Over the years the benefits for widows children have been substantially increased and the rates we have suggested are in parallel with that. With Family Allowances, the standard rates for the first, second and third child of two living parents total 47s. Under the Bill they will be increased to 54s. 6d., compared with 25s. in 1951. A widow with three children will draw under the Bill 77s. in respect of three children compared with 25s. in 1951.
I thank hon. Members for the very fair and generous speeches which they have made. Overall, the Government feel that we have kept—which I think is important—the various rates in balance. We have deliberately weighted the conditions in favour of the widow and her children and we think, that the increases which have been made in respect of widows, widowed mothers and children, are such that we are entitled to ask the Committee to resist the Amendment.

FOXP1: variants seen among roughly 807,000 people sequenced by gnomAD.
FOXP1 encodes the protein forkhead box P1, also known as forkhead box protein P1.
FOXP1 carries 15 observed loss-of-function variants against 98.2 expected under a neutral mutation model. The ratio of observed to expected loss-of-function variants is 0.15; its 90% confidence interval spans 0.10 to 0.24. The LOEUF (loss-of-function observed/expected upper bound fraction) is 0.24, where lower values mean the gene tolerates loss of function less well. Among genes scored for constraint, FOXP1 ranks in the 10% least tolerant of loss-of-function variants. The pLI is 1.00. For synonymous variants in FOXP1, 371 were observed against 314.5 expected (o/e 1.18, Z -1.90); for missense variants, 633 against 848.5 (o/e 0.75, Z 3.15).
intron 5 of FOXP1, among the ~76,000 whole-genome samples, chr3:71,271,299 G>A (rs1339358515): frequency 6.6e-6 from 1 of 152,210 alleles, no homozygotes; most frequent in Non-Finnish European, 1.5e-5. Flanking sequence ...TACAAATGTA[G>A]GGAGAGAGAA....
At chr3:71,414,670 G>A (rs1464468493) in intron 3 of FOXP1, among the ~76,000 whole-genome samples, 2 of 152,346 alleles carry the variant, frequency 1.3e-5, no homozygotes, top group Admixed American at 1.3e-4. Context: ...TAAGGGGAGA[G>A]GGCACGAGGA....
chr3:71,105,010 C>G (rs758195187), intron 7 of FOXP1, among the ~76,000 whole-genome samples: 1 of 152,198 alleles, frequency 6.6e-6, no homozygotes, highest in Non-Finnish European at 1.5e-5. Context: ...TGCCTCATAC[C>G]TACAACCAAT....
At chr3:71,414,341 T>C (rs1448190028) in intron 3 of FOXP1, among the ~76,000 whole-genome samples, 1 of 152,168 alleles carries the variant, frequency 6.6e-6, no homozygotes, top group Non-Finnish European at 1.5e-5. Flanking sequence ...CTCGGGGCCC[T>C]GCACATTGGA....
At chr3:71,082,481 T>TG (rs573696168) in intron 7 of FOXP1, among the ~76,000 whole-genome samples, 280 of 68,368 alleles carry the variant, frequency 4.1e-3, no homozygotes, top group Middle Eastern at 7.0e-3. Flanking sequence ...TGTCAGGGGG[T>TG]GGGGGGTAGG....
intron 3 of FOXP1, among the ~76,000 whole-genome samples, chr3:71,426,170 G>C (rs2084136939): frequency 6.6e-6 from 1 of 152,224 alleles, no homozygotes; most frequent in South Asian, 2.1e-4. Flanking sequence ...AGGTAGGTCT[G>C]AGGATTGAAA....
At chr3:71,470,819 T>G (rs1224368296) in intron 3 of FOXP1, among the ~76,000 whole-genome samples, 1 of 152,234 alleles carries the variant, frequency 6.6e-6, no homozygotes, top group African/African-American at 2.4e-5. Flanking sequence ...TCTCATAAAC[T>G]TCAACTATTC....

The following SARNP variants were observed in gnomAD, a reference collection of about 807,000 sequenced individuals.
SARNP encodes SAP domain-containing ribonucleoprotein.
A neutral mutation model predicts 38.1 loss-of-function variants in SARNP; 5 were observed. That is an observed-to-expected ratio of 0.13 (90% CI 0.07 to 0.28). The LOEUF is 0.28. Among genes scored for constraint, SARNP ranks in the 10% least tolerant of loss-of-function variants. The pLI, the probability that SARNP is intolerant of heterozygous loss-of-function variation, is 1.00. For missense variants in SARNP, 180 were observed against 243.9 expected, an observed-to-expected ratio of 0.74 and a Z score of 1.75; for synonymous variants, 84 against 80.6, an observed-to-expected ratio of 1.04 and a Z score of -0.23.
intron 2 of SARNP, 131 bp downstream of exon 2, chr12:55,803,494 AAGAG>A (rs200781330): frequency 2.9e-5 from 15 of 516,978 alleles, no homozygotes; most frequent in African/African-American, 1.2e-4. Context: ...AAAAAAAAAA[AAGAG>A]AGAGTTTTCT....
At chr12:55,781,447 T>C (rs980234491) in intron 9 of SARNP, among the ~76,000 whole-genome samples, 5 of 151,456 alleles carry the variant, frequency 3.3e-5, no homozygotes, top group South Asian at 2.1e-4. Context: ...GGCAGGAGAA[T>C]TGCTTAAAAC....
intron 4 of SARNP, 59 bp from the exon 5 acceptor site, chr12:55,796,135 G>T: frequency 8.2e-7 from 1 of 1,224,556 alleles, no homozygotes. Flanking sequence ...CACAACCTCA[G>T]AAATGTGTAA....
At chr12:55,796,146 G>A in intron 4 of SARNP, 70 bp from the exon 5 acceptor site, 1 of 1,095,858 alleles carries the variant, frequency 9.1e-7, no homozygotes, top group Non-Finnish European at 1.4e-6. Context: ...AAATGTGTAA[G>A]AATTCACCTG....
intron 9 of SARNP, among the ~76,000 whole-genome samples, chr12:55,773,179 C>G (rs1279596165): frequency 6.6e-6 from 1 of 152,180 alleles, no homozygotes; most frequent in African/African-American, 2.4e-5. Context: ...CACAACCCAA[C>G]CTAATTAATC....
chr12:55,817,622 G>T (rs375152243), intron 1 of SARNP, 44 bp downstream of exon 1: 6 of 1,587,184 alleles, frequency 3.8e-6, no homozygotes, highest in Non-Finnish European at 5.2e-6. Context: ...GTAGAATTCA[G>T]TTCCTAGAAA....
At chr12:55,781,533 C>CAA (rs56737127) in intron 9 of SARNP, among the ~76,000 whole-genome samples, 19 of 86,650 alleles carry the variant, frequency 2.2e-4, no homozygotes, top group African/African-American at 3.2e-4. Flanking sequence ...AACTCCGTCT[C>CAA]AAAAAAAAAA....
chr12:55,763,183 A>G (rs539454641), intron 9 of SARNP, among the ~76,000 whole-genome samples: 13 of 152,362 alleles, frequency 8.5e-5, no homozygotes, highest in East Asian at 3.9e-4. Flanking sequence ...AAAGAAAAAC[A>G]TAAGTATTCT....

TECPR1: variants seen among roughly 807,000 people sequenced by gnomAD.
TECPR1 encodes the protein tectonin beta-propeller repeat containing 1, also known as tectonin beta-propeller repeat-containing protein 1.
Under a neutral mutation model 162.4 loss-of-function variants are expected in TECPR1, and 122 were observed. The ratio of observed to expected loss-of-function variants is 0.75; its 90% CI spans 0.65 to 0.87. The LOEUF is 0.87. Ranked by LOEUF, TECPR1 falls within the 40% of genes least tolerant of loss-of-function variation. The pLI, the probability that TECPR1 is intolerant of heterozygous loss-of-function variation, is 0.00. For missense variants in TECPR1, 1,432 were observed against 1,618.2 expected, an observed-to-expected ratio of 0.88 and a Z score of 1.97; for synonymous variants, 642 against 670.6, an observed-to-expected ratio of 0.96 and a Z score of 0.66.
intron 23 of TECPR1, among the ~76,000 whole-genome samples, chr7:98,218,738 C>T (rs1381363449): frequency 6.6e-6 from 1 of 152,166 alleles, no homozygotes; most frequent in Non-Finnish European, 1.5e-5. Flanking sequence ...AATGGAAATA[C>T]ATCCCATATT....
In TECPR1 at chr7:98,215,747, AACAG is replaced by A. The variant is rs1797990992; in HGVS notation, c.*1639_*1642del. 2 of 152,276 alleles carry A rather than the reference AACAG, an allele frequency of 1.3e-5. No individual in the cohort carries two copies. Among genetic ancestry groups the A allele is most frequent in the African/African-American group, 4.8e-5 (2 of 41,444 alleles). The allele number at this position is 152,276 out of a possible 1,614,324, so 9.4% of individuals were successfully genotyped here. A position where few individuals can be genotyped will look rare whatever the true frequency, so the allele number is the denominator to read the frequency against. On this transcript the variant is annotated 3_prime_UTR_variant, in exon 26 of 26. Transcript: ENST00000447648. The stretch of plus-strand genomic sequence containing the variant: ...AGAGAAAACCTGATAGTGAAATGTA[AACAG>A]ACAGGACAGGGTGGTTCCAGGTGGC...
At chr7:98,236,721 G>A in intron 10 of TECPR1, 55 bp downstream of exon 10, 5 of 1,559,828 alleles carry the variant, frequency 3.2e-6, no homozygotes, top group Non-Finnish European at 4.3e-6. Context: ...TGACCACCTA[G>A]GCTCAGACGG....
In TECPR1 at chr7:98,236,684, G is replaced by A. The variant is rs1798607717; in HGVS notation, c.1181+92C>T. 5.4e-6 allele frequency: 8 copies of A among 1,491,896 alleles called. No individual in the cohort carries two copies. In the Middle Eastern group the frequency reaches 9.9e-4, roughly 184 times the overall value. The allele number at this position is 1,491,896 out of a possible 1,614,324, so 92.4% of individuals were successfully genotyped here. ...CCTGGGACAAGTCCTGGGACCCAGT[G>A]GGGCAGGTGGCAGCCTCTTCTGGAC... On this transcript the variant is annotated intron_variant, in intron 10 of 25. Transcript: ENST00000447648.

§ Mr. Houghton
I congratulate my hon. Friend the Member for Southampton, Itchen (Dr. King) on his very able speech in moving the Amendment. No one in the Committee displays more human feeling on these matters than my hon. Friend.
My hon. Friend the Member for Manchester, Exchange (Mr. W. Griffiths), who sailed for so long and so skilfully near the wind of order, seemed to be continuing the discussion which he and other people had with the Minister yesterday. He mentioned a very real problem indeed, which has a significant bearing on this matter. Most hon. Members who are interested in this problem will have read Mr. Peter Townsend's book. He is a brilliant young social worker and researcher who has brought vividly to the notice of many readers things that they probably had not encountered and could not understand in connection with the lives of widows and widowed mothers.
1407 We still have not decided what we want widows and widowed mothers to do. I think that I have learned a lesson from the proceedings of this Committee. In future, I shall give the right hon. Lady's civil servants much less to go on. They have had all the details of these Amendments and chewed over them and enabled the right hon. Lady to spend far too long telling us the technical defects in our Amendments, uttering a few words of self-satisfaction about the proposals of the Government, but not answering the vital question: are these benefits enough? After all, that is what we are talking about.